In her emotional speech to the climate summit in 2019 Thunberg did not mince her words, and her criticism of the world leaders attending the summit was steeped in youth consciousness: ‘You are failing us. But the young people are starting to understand your betrayal,’ she warned.
The road to climate hell is paved with policymakers’ selfies.
Young people everywhere are knocking at the door, and they are knocking loudest in the Global South. The wide-ranging problems they are highlighting are very real. Young people are rising up against global warming, excessive police violence, and authoritarian regimes.
The highly tense relationship between young and old often has more to do with how the old guard respond to young people speaking out. A growing youth consciousness is often seen not as a breeding ground for positive social change, but as a disruption of the status quo.
In many cases young people meet with tear gas and batons rather than a listening ear. The #EndSars protests against police violence elicited even more police violence. According to Amnesty International at least 56 people were killed due to the actions of the security services. The bank accounts of the young leaders were frozen.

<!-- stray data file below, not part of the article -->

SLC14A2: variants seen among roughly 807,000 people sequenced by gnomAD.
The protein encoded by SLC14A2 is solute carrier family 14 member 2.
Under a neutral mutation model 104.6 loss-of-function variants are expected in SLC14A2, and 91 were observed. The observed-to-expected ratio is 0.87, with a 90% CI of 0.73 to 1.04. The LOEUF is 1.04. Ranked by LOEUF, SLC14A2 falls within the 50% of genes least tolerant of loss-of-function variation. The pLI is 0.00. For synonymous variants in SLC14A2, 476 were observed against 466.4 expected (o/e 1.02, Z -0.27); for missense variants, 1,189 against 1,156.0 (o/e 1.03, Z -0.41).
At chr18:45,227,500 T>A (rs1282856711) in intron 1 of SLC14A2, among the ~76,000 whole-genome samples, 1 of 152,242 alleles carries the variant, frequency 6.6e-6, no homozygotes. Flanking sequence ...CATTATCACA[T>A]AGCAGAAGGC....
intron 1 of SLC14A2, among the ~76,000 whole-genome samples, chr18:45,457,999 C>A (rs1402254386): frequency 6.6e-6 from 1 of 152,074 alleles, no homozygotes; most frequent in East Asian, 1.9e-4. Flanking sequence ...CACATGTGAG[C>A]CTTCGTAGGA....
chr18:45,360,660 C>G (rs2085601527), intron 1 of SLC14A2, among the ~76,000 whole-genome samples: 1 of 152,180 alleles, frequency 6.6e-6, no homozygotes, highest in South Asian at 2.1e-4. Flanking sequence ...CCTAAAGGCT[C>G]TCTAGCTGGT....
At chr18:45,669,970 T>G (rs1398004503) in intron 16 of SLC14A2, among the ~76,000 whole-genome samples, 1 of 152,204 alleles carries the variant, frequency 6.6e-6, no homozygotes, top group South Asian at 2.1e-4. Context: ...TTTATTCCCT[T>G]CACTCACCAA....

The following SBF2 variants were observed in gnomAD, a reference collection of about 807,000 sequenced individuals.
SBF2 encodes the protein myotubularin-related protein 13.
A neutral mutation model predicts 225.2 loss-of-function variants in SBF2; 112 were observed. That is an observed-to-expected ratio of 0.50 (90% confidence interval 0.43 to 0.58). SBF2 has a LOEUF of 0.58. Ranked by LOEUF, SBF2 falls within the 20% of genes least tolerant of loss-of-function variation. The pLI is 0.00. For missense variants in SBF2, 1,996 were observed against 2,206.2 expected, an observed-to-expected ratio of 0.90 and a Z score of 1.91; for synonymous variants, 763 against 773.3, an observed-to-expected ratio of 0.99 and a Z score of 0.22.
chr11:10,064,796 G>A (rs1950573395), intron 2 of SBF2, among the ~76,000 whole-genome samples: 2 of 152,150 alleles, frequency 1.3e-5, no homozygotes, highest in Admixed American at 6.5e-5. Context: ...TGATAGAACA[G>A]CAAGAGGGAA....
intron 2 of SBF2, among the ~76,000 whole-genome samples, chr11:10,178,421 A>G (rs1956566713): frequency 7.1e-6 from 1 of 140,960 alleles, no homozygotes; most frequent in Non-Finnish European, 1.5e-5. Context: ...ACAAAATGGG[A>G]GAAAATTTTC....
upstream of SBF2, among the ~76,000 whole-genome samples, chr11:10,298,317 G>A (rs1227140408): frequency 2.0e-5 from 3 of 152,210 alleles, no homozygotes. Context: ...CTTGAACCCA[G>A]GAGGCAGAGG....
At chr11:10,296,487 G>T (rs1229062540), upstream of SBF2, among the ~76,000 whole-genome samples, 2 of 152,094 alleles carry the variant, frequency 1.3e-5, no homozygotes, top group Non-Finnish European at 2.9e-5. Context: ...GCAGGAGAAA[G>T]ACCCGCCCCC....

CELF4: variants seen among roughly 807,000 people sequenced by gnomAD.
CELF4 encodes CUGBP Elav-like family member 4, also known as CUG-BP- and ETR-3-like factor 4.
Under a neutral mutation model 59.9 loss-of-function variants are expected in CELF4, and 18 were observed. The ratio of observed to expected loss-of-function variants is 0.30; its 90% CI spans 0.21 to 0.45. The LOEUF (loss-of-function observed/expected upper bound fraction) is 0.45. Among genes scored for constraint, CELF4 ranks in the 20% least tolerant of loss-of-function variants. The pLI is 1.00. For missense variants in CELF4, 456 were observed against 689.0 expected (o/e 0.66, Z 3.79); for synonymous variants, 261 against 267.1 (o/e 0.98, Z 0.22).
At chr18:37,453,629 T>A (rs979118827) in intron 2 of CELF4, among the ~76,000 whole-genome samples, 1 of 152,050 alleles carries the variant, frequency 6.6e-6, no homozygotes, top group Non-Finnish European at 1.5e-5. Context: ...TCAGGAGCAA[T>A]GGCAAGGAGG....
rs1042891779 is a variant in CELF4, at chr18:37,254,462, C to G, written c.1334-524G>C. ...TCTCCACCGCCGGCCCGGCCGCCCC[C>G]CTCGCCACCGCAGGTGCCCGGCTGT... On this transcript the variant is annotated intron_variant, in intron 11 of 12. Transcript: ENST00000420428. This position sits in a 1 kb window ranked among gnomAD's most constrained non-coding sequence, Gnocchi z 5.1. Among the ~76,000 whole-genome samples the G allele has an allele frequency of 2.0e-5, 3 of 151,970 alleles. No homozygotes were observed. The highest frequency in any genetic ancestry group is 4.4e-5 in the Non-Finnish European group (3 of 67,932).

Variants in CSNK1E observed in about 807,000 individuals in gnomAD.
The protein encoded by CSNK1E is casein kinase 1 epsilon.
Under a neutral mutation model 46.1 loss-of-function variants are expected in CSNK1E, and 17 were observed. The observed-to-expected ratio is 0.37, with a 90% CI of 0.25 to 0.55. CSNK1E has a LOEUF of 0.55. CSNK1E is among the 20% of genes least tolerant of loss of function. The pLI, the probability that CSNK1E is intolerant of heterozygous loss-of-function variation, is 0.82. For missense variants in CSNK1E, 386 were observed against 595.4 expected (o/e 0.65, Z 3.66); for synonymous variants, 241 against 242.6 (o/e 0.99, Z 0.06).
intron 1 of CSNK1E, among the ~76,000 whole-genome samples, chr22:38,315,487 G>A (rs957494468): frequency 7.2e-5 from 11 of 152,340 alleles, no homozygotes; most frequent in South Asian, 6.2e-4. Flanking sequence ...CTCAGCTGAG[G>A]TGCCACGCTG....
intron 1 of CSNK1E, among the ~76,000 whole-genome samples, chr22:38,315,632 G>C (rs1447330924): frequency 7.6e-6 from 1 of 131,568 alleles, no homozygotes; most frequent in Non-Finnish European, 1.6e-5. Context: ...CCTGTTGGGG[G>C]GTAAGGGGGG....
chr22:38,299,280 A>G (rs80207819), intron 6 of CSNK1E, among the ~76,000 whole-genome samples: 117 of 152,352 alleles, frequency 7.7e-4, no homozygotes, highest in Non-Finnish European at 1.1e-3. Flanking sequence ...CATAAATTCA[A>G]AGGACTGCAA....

In November Bobi Wine was temporarily detained after he was confirmed as a candidate for the presidency. What starts as a call for change from a new generation all too often becomes a stifled voice.
This is partly down to persistent stereotypes about young people, an entrenched view that they are inherently violent or dangerous. This tendency to regard young people above all as a potential source of danger is referred to as the securitisation of youth. It is not only dictators in distant countries who are guilty of this. Young people are also securitised in Europe’s migration debate – the idea that Europe is being overrun by young African or Arabic men is being effectively propagated as a doom scenario in policymaking on immigration.
The relatively recent discourse on terrorism has played a huge role in this, particularly since the 9/11 attacks. The fact that it is largely young people who joined armed groups and terrorist organisations reinforces the idea of young people as inherently violent, while in fact 71% of the young people who joined terrorist groups in Sub-Saharan Africa did so in response to excessive government violence, according to research by UNDP. The results of this study underline the need for institutions and politicians to reach out to young people, rather than responding with an iron fist.
This suspicion of young people also exists in the diplomatic world. In 2018 the Netherlands was a member of the UN Security Council, where young people have only recently been on the agenda. Resolution 2250 on Youth, Peace and Security, the first resolution on young people ever passed by the Security Council, was adopted in 2015. This was followed by resolution 2419 during the Dutch mandate.